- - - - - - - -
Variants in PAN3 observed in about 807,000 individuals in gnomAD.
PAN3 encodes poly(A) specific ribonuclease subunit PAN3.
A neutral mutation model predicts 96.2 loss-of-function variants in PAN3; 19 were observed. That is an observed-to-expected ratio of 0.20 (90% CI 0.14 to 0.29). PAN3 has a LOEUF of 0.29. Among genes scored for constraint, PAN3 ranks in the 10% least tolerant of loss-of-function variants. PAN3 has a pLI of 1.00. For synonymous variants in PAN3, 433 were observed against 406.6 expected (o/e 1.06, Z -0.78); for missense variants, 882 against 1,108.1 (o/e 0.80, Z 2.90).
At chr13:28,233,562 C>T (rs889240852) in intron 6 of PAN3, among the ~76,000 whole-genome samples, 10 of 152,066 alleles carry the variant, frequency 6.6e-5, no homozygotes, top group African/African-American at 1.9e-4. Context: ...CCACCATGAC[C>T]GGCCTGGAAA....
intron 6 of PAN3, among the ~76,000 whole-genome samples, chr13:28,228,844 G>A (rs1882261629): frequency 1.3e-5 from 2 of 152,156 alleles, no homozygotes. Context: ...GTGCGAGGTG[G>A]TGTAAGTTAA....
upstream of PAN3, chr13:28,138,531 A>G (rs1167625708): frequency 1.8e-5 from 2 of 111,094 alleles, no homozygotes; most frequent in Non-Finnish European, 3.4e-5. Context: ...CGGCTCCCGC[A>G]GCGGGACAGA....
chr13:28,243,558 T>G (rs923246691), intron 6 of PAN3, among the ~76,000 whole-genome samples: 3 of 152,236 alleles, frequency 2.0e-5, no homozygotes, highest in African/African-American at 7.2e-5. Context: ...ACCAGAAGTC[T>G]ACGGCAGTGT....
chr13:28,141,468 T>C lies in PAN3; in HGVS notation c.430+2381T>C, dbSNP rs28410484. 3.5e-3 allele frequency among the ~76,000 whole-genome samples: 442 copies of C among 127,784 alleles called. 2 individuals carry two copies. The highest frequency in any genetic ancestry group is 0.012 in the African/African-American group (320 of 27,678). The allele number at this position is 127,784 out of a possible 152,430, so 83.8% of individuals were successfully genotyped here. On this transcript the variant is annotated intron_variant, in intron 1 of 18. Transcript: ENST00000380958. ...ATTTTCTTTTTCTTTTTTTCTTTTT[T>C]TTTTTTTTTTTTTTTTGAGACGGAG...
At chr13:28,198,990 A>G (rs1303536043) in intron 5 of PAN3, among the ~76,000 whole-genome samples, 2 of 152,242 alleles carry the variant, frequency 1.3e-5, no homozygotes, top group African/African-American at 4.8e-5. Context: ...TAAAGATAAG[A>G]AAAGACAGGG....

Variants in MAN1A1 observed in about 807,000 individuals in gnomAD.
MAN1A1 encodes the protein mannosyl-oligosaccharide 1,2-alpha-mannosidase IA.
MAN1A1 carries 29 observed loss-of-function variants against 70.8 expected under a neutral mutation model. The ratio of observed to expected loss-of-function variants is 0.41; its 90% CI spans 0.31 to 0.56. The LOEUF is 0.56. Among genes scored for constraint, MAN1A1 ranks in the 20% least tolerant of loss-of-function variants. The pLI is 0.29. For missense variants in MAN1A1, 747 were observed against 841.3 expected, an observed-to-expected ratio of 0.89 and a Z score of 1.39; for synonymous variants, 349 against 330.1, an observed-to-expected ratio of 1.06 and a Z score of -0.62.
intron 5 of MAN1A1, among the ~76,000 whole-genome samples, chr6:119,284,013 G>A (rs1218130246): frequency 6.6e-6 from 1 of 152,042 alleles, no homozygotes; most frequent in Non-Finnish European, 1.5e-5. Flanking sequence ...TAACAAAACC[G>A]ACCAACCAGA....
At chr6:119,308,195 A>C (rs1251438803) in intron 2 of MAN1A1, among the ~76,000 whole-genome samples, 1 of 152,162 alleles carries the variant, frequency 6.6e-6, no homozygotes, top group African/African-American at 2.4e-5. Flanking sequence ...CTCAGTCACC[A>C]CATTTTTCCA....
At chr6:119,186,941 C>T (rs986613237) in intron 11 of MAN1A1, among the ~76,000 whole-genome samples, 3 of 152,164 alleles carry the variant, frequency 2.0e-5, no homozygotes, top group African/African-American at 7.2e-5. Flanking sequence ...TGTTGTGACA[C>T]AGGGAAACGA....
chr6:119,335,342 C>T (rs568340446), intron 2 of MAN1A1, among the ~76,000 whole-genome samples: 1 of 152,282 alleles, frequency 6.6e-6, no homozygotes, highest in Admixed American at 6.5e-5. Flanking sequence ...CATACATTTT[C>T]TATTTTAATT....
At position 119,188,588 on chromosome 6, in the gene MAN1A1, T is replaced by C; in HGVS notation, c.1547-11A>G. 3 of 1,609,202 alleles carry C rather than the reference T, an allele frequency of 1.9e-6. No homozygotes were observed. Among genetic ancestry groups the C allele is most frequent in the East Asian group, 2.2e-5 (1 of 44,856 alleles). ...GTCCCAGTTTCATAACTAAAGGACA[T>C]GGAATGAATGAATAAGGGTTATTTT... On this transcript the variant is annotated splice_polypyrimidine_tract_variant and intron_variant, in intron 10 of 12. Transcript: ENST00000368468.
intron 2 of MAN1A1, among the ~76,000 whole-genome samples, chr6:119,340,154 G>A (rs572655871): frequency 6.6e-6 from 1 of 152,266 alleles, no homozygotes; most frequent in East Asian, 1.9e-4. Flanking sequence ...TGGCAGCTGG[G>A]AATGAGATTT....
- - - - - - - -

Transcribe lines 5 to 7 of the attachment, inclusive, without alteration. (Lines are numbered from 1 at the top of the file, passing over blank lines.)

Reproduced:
intron 6 of PAN3, among the ~76,000 whole-genome samples, chr13:28,228,844 G>A (rs1882261629): frequency 1.3e-5 from 2 of 152,156 alleles, no homozygotes. Context: ...GTGCGAGGTG[G>A]TGTAAGTTAA....
upstream of PAN3, chr13:28,138,531 A>G (rs1167625708): frequency 1.8e-5 from 2 of 111,094 alleles, no homozygotes; most frequent in Non-Finnish European, 3.4e-5. Context: ...CGGCTCCCGC[A>G]GCGGGACAGA....
chr13:28,243,558 T>G (rs923246691), intron 6 of PAN3, among the ~76,000 whole-genome samples: 3 of 152,236 alleles, frequency 2.0e-5, no homozygotes, highest in African/African-American at 7.2e-5. Context: ...ACCAGAAGTC[T>G]ACGGCAGTGT....